Free firewood permits ensure wood is cut legally

By Contributor
October 20th, 2015

During these cool autumn evenings, many British Columbians are starting to light their fireplaces or wood stoves to help keep their homes warm.

However, people who cut or use firewood must ensure that it was harvested legally.

Before collecting firewood please obtain a firewood permit to ensure that your firewood collection adheres to local regulations, and to verify that firewood collection is permitted in the area from which you plan to obtain your wood.

Firewood collection permits are free and allow British Columbians to collect and transport firewood from eligible crown lands for personal use.

Permits must be printed, signed and carried with you when collecting firewood.

Firewood permits are available at your local natural resource district office, or online at: www.gov.bc.ca/firewoodpermits

To find out where firewood harvesting is prohibited on lands identified for conservation and/or other public use values in B.C. contact your local natural resource district office.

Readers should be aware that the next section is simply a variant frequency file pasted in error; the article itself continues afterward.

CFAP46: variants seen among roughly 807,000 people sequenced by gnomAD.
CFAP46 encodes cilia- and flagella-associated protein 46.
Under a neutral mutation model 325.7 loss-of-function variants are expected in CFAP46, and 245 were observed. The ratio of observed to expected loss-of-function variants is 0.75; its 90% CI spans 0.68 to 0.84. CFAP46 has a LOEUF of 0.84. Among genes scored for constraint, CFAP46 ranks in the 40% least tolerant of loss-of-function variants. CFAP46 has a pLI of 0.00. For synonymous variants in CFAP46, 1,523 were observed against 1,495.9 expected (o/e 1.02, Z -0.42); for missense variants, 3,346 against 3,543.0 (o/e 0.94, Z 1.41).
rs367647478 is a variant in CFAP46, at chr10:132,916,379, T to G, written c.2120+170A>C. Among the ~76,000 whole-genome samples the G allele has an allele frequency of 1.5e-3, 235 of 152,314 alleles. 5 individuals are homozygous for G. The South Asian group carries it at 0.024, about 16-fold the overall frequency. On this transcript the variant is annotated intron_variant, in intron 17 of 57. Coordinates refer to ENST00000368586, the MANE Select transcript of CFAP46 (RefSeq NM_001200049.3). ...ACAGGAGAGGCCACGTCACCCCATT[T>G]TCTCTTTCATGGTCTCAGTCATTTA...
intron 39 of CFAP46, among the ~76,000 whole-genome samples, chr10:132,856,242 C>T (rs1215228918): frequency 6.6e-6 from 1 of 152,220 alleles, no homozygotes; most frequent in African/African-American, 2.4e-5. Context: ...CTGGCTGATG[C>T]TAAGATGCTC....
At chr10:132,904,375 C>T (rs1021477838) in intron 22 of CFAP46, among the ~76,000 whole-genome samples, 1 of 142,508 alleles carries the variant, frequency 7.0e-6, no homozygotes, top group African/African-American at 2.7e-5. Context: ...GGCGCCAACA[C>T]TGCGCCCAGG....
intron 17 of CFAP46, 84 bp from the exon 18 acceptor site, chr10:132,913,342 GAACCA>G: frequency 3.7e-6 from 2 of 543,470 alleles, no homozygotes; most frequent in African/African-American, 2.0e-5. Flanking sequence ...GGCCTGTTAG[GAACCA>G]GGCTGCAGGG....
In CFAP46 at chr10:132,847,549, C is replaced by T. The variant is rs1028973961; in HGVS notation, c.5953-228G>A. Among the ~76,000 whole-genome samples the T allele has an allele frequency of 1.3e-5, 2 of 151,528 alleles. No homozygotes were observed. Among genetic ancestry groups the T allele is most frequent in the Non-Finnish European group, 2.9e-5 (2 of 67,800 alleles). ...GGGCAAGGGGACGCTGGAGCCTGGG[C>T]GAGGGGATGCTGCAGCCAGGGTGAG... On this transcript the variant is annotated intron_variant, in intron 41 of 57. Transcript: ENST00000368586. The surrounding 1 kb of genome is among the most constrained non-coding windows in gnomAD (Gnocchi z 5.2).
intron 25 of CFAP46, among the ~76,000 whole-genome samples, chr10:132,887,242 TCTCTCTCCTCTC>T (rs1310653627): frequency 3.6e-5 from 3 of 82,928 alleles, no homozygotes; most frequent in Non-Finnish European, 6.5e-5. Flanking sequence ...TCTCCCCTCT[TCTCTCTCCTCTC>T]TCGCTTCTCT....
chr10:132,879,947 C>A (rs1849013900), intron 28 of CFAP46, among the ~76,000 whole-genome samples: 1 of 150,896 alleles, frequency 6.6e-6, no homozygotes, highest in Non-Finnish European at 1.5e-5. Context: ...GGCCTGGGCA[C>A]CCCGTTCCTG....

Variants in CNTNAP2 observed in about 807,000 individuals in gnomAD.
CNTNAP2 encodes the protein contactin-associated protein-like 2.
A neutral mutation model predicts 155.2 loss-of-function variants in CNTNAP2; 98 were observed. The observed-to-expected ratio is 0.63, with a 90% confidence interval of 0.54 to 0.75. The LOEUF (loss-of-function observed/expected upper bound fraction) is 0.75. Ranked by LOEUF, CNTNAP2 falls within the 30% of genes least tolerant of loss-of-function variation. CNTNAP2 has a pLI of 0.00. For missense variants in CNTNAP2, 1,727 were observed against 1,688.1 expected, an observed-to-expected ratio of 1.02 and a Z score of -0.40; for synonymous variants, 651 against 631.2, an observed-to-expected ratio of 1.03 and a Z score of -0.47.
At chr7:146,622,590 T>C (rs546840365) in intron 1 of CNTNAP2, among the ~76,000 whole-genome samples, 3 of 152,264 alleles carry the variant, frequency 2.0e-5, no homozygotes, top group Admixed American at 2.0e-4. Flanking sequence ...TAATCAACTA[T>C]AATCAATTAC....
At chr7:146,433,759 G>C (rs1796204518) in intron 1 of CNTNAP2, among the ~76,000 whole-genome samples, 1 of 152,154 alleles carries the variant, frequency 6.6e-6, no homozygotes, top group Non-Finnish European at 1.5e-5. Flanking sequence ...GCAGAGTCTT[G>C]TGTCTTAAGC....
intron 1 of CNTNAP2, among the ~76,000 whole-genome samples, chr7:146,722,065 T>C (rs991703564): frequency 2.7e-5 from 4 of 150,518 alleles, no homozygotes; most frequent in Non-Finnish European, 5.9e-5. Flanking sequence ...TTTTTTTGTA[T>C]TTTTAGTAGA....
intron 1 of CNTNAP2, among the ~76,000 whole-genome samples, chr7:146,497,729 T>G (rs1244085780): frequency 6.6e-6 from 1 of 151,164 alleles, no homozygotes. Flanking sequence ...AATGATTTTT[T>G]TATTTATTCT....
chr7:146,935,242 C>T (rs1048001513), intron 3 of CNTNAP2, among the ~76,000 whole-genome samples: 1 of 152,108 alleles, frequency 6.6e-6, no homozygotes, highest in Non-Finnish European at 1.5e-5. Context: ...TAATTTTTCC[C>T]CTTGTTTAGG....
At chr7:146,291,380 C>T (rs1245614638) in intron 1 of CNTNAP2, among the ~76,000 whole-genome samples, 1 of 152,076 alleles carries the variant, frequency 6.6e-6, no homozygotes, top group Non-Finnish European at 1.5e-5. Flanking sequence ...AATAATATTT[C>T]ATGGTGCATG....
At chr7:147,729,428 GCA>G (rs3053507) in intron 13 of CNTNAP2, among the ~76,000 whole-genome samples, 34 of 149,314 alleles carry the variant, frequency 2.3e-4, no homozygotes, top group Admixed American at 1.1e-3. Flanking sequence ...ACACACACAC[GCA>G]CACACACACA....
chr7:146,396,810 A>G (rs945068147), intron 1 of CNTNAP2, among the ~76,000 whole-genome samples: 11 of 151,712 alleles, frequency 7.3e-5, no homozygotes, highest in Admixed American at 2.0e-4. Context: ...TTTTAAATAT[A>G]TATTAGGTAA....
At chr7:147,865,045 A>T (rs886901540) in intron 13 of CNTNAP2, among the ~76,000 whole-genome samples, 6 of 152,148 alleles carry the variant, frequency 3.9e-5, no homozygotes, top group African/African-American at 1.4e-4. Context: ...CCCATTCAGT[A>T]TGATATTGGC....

Firewood permits and their associated documentation describe the permitted areas, methods, and amount of firewood that can legally be harvested in the different natural resource districts.

Cutting down trees on Crown land without an appropriate permit, or selling any such firewood, is an ongoing concern in British Columbia. This activity is illegal and could result in a violation ticket or fine.

It also could create safety hazards for recreationalists and other forest users, and negatively affect ecosystems – including fish and wildlife habitats.

Purchasing firewood:

The public can do its part to stop illegal harvesting by purchasing firewood only from legitimate producers who sell wood obtained either on private land or through authorized Crown land harvesting tenures.

  • Anyone buying firewood should ask where the firewood comes from (Crown land or private land) and ask for a record of purchase.
  • For firewood harvested on private land, the buyer should ask the seller for the district lot number and timber mark number.
  • For firewood harvested on Crown land, legitimate commercial firewood producers should have a “Forestry Licence to Cut” document signed by the Ministry of Forests, Lands and Natural Resource Operations.

This post was syndicated from https://thenelsondaily.com
Categories: General

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